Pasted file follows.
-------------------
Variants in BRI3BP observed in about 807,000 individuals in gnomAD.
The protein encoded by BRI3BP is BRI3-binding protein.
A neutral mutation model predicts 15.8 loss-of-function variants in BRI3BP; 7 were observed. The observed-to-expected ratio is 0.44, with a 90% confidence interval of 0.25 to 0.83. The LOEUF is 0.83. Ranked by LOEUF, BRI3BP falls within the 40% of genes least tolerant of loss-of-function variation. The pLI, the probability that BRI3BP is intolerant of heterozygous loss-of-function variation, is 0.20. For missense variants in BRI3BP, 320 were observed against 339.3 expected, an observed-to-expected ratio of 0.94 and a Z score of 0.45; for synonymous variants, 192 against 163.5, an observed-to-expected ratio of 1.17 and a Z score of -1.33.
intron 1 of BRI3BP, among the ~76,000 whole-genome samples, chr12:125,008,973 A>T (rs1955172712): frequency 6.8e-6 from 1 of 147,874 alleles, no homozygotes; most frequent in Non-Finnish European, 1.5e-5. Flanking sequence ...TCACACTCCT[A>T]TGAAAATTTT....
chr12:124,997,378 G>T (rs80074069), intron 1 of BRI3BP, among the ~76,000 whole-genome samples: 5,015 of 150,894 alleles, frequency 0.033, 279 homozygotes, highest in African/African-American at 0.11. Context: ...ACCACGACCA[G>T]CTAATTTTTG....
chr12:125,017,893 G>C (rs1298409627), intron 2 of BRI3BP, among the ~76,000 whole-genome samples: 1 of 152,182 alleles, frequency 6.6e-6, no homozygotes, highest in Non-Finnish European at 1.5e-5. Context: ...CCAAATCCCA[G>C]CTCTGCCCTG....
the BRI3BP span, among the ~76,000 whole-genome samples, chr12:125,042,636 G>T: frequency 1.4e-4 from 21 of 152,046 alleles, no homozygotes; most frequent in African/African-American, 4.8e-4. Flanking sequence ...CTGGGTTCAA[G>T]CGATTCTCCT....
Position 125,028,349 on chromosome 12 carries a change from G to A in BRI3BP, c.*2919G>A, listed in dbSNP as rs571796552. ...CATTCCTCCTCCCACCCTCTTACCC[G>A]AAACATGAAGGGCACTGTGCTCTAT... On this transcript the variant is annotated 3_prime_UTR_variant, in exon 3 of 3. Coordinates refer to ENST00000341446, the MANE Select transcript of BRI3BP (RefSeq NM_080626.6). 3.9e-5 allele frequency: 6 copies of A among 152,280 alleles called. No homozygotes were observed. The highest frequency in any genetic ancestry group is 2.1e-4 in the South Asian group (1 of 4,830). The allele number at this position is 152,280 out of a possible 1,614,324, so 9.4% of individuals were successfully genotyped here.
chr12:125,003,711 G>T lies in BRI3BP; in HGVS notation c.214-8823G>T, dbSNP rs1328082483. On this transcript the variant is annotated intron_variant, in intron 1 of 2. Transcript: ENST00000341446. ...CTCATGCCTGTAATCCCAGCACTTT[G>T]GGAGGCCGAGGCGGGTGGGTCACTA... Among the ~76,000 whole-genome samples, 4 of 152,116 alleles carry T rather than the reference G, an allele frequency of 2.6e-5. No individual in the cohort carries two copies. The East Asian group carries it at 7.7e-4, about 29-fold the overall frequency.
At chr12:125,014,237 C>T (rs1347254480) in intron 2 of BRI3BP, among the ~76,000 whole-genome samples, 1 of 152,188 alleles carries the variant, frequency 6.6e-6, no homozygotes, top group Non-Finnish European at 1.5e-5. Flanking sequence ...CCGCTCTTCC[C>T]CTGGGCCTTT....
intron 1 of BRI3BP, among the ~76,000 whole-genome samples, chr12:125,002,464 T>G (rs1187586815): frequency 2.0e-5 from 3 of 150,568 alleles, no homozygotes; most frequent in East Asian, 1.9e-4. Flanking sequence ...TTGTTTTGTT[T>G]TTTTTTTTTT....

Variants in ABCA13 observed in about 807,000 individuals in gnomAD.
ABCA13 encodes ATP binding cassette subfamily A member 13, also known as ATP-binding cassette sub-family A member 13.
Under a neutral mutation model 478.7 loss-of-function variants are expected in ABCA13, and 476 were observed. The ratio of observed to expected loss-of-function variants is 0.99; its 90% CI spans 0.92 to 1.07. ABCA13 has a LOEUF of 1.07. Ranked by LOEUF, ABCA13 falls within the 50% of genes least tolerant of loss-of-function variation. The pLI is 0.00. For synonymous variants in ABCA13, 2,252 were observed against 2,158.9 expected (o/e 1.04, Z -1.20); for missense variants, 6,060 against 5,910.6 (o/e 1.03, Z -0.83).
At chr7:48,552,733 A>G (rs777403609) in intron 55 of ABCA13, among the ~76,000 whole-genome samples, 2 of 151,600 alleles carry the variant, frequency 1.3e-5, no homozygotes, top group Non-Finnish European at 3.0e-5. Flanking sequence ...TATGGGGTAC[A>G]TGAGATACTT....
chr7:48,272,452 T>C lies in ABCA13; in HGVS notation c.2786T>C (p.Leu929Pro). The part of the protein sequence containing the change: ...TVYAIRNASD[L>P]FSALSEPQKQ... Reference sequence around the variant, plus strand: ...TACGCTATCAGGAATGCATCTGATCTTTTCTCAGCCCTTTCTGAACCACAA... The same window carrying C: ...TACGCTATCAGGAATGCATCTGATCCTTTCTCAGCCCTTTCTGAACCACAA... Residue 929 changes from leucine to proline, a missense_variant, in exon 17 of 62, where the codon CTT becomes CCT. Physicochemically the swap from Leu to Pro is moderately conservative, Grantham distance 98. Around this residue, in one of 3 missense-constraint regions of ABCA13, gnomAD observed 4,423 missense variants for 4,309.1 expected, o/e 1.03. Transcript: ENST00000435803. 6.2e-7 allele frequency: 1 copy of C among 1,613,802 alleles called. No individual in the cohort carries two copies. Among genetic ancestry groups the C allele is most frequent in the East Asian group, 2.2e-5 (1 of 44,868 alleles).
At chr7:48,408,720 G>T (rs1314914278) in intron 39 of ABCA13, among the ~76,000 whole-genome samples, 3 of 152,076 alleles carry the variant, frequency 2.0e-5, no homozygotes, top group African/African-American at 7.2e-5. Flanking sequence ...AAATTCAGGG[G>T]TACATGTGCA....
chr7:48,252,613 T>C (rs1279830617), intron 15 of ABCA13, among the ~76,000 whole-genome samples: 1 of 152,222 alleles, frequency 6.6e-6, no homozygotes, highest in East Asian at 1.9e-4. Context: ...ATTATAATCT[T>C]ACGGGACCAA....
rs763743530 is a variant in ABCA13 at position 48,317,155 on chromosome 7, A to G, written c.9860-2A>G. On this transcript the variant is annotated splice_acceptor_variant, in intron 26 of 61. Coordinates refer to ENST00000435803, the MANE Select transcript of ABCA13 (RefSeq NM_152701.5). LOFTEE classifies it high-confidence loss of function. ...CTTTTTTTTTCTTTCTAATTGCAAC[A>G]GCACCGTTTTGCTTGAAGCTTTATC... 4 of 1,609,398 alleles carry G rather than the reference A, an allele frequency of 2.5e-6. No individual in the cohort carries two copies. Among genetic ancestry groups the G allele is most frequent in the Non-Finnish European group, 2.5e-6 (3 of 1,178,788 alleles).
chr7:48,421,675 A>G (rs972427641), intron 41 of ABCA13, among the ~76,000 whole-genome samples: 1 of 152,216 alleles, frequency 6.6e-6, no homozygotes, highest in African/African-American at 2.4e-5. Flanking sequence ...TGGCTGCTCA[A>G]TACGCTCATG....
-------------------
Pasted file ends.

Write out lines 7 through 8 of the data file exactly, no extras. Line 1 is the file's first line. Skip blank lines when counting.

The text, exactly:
the BRI3BP span, among the ~76,000 whole-genome samples, chr12:125,042,636 G>T: frequency 1.4e-4 from 21 of 152,046 alleles, no homozygotes; most frequent in African/African-American, 4.8e-4. Flanking sequence ...CTGGGTTCAA[G>T]CGATTCTCCT....
Position 125,028,349 on chromosome 12 carries a change from G to A in BRI3BP, c.*2919G>A, listed in dbSNP as rs571796552. ...CATTCCTCCTCCCACCCTCTTACCC[G>A]AAACATGAAGGGCACTGTGCTCTAT... On this transcript the variant is annotated 3_prime_UTR_variant, in exon 3 of 3. Coordinates refer to ENST00000341446, the MANE Select transcript of BRI3BP (RefSeq NM_080626.6). 3.9e-5 allele frequency: 6 copies of A among 152,280 alleles called. No homozygotes were observed. The highest frequency in any genetic ancestry group is 2.1e-4 in the South Asian group (1 of 4,830). The allele number at this position is 152,280 out of a possible 1,614,324, so 9.4% of individuals were successfully genotyped here.